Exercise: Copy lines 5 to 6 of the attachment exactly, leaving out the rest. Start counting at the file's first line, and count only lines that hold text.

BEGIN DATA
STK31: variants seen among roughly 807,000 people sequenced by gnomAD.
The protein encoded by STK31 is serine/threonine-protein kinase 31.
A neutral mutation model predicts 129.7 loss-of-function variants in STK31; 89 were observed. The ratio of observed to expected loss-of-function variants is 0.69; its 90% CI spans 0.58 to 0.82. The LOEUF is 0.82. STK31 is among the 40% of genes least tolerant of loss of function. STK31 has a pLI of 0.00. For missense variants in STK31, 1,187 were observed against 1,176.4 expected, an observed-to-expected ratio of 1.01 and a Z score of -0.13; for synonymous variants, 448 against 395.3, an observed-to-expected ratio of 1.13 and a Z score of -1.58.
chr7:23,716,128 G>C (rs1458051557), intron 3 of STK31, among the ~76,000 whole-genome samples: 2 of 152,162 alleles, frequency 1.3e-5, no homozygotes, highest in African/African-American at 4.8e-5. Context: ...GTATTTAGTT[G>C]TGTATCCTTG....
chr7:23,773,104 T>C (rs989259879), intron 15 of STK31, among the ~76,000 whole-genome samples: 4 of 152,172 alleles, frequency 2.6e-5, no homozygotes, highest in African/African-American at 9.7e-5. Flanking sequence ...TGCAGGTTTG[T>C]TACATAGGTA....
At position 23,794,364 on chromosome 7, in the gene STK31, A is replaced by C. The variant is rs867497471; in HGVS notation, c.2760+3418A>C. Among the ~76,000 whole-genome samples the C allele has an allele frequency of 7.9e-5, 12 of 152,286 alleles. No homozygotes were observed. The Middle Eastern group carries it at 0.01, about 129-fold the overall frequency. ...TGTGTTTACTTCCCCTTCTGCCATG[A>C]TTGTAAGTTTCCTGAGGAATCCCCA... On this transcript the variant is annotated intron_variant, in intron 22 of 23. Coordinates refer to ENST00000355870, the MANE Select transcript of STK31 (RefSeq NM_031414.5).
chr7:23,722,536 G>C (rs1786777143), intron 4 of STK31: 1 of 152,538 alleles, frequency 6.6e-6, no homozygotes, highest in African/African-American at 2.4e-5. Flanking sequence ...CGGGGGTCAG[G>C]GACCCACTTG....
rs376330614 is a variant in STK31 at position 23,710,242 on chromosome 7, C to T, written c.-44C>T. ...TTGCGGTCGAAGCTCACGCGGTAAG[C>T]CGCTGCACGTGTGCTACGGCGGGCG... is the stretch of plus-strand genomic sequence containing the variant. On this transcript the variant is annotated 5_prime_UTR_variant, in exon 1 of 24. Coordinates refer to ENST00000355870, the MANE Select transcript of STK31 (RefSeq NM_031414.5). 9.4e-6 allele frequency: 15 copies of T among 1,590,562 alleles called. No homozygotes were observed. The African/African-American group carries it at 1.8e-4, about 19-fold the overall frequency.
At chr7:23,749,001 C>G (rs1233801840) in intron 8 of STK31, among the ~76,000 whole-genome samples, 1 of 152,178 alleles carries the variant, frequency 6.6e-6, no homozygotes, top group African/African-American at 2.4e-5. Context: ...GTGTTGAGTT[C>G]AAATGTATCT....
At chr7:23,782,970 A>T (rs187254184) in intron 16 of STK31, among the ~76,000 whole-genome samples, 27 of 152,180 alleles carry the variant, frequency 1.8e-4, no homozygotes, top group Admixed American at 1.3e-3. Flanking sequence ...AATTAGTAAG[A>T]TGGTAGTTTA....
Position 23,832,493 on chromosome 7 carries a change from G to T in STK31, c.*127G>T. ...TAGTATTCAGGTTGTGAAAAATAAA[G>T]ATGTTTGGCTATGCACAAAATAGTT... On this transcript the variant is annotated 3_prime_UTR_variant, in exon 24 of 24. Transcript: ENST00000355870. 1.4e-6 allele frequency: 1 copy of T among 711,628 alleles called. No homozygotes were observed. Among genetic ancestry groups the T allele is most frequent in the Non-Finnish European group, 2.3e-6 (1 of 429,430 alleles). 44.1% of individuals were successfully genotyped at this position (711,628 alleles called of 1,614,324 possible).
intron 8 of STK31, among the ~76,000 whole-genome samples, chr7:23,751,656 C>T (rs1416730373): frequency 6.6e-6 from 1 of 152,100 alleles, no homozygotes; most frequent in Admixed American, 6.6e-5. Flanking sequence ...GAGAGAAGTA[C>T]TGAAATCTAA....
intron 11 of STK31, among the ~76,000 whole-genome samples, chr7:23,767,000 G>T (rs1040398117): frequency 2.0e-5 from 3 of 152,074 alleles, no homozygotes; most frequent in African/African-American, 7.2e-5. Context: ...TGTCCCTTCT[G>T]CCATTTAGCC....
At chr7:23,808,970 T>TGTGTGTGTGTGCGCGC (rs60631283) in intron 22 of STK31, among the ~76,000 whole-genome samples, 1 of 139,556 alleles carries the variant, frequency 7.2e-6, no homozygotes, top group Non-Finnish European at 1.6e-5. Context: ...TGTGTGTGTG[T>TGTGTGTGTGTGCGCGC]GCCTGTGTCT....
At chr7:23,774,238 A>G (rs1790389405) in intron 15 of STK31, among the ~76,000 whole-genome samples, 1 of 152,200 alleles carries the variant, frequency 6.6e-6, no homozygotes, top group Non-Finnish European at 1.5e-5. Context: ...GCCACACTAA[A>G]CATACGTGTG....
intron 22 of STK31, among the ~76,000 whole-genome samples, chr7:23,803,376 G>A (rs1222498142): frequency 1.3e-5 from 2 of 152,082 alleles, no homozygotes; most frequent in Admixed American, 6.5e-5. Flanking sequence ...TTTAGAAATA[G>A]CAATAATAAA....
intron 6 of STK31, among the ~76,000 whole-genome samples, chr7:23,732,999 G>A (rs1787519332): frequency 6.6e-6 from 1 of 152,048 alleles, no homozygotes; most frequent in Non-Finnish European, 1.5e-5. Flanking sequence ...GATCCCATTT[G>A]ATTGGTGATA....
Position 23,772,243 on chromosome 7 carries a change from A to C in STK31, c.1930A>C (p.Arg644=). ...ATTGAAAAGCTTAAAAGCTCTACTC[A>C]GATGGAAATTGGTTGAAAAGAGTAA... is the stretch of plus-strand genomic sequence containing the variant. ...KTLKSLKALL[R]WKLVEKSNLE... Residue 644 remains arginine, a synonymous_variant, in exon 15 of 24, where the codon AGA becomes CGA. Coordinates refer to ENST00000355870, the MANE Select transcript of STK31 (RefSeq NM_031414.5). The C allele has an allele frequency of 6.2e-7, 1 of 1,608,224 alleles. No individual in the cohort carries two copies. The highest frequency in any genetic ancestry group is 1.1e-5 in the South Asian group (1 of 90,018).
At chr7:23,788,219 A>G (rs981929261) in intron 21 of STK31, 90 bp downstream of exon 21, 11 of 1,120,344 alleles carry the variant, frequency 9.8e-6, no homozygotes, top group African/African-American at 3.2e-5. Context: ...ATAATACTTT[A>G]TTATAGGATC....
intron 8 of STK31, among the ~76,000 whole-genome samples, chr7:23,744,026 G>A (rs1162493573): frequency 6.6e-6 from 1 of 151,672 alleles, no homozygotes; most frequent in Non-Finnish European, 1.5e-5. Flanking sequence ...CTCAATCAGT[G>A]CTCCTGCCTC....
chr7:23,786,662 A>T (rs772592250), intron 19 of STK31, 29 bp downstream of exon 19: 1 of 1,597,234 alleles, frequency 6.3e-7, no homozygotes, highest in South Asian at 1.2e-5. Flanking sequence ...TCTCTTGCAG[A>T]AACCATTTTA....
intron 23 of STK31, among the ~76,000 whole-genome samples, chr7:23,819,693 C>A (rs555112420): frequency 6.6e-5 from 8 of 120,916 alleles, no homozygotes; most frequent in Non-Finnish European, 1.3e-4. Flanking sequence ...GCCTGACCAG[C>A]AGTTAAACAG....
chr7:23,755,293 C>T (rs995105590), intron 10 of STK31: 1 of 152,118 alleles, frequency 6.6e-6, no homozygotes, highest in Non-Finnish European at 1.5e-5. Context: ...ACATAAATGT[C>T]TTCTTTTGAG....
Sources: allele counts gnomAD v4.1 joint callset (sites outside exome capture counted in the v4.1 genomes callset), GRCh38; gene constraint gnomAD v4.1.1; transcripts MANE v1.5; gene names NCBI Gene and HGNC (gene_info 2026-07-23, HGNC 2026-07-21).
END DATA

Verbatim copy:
chr7:23,773,104 T>C (rs989259879), intron 15 of STK31, among the ~76,000 whole-genome samples: 4 of 152,172 alleles, frequency 2.6e-5, no homozygotes, highest in African/African-American at 9.7e-5. Flanking sequence ...TGCAGGTTTG[T>C]TACATAGGTA....
At position 23,794,364 on chromosome 7, in the gene STK31, A is replaced by C. The variant is rs867497471; in HGVS notation, c.2760+3418A>C. Among the ~76,000 whole-genome samples the C allele has an allele frequency of 7.9e-5, 12 of 152,286 alleles. No homozygotes were observed. The Middle Eastern group carries it at 0.01, about 129-fold the overall frequency. ...TGTGTTTACTTCCCCTTCTGCCATG[A>C]TTGTAAGTTTCCTGAGGAATCCCCA... On this transcript the variant is annotated intron_variant, in intron 22 of 23. Coordinates refer to ENST00000355870, the MANE Select transcript of STK31 (RefSeq NM_031414.5).